More than half of Britain’s entrepreneurs rely on money from their families to grow their business.
Access to financing remains one of the top concerns for small businesses, according to a new survey.
Some 53 per cent of the entrepreneurs surveyed said that money from family members had been key in getting their business of the ground.
More than half, some 56 per cent, relied on personal unsecured finance such as credit cards, a further 45 per cent used the money they got from their friends, according to research by the Institute of Directors (IoD).
A lack of financing and a general skills shortage are among the biggest risk undermining UK’s start-up scene, according to a new survey by the IoD 99 network – a group of more than 650 entrepreneurs under the age of 35.
Nearly 40 per cent of the surveyed said the difficulty accessing financing prevented their company from growing, while 42 per cent said they have trouble hiring people with the right skills, according to the IoD .
Jimmy McLoughlin, Deputy Head of Policy at the IoD, said that the start-up revolution has taken hold in Britain like nowhere else in Europe.
“Finding people with the right skills, and tapping into the right mix of finance will be the biggest factors in achieving scale-up success. For start-ups, overcoming these obstacles can be the difference between success and failure,” he said.
McLoughlin called for the government to make it easier for savers to invest in young companies and warned politicians against UK restrictive immigration system, which might make it harder for growing firm to bring in skilled employees from abroad.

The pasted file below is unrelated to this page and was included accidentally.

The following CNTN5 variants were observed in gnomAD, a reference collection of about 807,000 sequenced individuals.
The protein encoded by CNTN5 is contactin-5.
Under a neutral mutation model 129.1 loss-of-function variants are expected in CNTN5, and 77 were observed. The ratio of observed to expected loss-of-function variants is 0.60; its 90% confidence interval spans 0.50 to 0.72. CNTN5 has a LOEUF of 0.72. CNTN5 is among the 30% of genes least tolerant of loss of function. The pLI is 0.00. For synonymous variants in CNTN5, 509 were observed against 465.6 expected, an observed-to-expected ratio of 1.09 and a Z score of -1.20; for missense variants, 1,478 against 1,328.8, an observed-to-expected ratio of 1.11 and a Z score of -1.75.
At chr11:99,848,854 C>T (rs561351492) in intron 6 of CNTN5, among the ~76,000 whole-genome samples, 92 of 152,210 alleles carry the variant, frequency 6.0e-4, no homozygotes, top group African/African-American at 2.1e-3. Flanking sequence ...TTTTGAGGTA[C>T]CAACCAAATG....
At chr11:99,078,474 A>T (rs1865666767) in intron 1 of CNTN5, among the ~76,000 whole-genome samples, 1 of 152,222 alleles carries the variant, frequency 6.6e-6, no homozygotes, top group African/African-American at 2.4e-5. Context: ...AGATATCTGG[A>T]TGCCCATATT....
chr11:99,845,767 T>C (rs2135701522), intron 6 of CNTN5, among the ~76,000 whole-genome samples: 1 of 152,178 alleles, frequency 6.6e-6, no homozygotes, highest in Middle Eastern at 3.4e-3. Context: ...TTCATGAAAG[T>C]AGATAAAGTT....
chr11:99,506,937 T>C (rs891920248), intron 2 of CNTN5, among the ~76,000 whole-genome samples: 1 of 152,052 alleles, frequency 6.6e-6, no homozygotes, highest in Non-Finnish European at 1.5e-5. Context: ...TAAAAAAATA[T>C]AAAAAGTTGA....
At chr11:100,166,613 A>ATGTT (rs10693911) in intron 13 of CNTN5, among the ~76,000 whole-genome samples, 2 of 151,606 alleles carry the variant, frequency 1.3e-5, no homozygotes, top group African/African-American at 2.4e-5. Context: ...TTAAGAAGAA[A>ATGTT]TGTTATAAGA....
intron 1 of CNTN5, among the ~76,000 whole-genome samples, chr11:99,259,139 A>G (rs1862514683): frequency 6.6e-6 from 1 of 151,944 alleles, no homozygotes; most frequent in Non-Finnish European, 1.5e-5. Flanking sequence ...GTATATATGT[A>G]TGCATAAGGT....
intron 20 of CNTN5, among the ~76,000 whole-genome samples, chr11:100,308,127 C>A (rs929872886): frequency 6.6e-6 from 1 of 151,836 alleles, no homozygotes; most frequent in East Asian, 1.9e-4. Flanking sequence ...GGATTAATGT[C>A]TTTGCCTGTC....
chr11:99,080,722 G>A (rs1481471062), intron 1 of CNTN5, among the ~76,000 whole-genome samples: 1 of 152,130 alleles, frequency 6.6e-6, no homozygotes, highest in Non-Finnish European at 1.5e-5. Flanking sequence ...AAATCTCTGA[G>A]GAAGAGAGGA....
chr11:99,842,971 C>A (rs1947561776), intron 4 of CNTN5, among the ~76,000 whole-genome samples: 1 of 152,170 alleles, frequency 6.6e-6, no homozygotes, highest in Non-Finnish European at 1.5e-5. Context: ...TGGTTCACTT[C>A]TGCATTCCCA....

“It is a worry that so many start-ups struggle to hire skilled employees. Therefore, it is crucial that Britain’s immigration system is as open and easy to navigate as possible,” he said.
Developments in alternative finance like crowdfunding and peer-to-peer lending giving entrepreneurs better options, McLoughlin added. “We should strip back the layers of complexity which currently stand in the way,” he said.
Over 60 per cent of young entrepreneurs were in full-time work when they started their own business, according to the survey.
The UK currently ranks sixth in list of best places to start a business, according to the Legatum Institute.
The data showed that 88 per cent of Britons believe that if you work hard you can get ahead in life, up from 84 per cent last year, and 78 per cent in 2010, some of the highest rates of optimism in the EU.
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